• The Plaintiff had known about the Defendant’s use of the word, “Baazi” for 3 years before filing this suit. Therefore, it was precluded from obtaining an injunction by the doctrines of inordinate delay, laches, and acquiescence.

Order passed by the Delhi High Court

The Hon’ble High Court first noted that the Plaintiff had been operating a popular and thriving online gaming business since 2014, and the word “Baazi” had become synonymous with the services it provided. Even though it is an Urdu word, it had been cleverly used by the Plaintiff, and it is not otherwise commonly used in the industry. Further, the Defendant had already built its brand under the name “WinZo”, and had only later started using the word “Baazi”. The Hon’ble Court also observed that the Defendant had used the exact word that had been trademarked by the Plaintiff, and offered identical services. Therefore, the Court held that a prima facie case of infringement had been made out under Section 29(2)(c) read with Section 29(3) of the Trademarks Act, 1999. The Court presumed that confusion would occur amongst the public, and an injunction was required accordingly. The Court also rejected the defences put up under Sections 30 and 35 of the Act, as the Defendant had failed to satisfy it that it was using the word “Baazi” honestly in commercial matters or as a descriptive word.


The Hon’ble Court next decided the issue which had arisen due to the Plaintiff’s alleged delay in filing the suit. The Court first noted that the Defendant had not adequately proved that it had been using the word “Baazi” since 2018. However, even granting that a delay had been occasioned, the Court held that a mere delay in filing suit is not sufficient to refuse the Plaintiff’s prayer for injunction. In this regard, the Hon’ble Court relied on Midas Hygiene Industries Pvt Ltd v Sudhir Bhatia[3], where the Hon’ble Supreme Court held that if a mark has been adopted dishonestly, an injunction must necessarily be granted, irrespective of the delay occasioned in filing the suit. In the present case, the Defendant was aware of the Plaintiff’s trademark and had seemingly been using the word “Baazi” to take unfair advantage of the Plaintiff’s reputation. Therefore, the Court rejected the defence of inordinate delay. Next, referring to Hindustan Pencils Pvt Ltd v M/s India Stationery Products Co. [4], the Hon’ble Court observed that the Defendant could not successfully employ the doctrine of acquiescence, because there had been no positive act of encouragement on the part of the Plaintiff.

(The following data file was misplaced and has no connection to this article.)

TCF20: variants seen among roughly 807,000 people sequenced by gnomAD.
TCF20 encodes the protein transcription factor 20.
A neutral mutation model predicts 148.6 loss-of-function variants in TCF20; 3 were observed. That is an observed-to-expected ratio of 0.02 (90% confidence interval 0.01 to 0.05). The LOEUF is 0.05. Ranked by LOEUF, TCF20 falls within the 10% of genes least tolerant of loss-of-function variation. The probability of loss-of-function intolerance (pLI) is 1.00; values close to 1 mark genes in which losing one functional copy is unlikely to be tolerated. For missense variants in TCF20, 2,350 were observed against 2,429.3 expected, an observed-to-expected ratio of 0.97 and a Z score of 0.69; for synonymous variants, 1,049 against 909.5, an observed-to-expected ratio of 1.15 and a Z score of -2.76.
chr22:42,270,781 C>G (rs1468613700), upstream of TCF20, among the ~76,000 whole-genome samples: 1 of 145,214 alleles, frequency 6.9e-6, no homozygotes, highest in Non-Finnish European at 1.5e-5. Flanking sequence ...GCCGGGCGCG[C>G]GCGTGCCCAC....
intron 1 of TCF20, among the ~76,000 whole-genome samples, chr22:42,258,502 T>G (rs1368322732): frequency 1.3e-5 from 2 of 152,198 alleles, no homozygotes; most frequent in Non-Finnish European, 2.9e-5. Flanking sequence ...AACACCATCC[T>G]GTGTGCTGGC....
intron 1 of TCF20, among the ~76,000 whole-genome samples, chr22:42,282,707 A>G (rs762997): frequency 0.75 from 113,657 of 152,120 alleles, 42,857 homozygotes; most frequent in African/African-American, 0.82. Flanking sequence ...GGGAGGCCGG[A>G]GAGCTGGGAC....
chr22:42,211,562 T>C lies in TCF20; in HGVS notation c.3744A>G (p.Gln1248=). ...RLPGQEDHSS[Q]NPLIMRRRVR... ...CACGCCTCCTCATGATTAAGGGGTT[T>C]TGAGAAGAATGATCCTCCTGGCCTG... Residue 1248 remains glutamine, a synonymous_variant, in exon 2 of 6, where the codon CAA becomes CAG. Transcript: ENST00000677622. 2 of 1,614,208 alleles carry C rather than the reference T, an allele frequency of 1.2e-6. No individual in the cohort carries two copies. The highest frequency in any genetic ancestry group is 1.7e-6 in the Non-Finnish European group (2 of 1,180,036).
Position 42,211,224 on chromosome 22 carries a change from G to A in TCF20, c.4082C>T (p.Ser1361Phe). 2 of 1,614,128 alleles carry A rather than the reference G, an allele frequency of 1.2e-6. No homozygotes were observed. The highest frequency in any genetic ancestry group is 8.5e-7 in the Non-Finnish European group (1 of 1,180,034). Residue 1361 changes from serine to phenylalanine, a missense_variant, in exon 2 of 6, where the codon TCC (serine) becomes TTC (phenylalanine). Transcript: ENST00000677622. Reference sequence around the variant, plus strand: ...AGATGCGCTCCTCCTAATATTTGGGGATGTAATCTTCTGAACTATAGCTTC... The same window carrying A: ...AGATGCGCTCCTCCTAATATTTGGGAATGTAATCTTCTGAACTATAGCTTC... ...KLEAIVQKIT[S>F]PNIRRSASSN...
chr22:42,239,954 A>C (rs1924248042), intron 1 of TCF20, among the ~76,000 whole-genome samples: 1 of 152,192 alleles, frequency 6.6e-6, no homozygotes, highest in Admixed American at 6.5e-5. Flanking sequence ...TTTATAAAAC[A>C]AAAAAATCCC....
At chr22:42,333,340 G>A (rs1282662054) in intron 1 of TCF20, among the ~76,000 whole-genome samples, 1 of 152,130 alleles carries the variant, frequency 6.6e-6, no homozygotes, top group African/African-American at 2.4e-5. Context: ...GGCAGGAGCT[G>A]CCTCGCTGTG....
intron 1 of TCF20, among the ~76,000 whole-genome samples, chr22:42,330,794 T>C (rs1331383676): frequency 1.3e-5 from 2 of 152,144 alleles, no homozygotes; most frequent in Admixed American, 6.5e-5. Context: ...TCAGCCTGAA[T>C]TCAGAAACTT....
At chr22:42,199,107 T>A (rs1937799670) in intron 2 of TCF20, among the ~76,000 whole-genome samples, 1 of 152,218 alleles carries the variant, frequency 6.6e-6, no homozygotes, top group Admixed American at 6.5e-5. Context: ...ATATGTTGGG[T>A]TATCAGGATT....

As none of the Defendant’s contentions withstood the Court’s scrutiny, the Court held that passing off and infringement had been established. The Hon’ble Court then observed that as the Plaintiff had established a thriving business around the “Baazi” trademark, allowing the Defendant to dishonestly adopt it would be likely to cause irreparable loss and injury to the Plaintiff. Also, the Defendant did not really need to use “Baazi” in its branding, as it had already established itself as “WinZo Games”. Therefore, the balance of convenience tilted in the favour of the Plaintiff. Hence, the Hon’ble Court granted an interim injunction restraining the Defendant from using the Plaintiff’s trademark being “POKER BAAZI”  and “BALLEBAAZI” and “RummyBaazi” and  et al., until the disposal of the suit.


Defences such as laches and acquiescence and descriptive word are based on the rationale of protecting the interest of a person who has built a reputation around a mark adopted in good faith. In this order, the Hon’ble Delhi High Court has rightly rejected these defences in a case where the infringer was acting dishonestly.

[1] CS(COMM) 331/2022.

[2] The Trademarks Act, 1999, No. 47 of 1999, §29(3).

[3] (2004) 3 SCC 90.

[4] 1989 SCC OnLine Del 34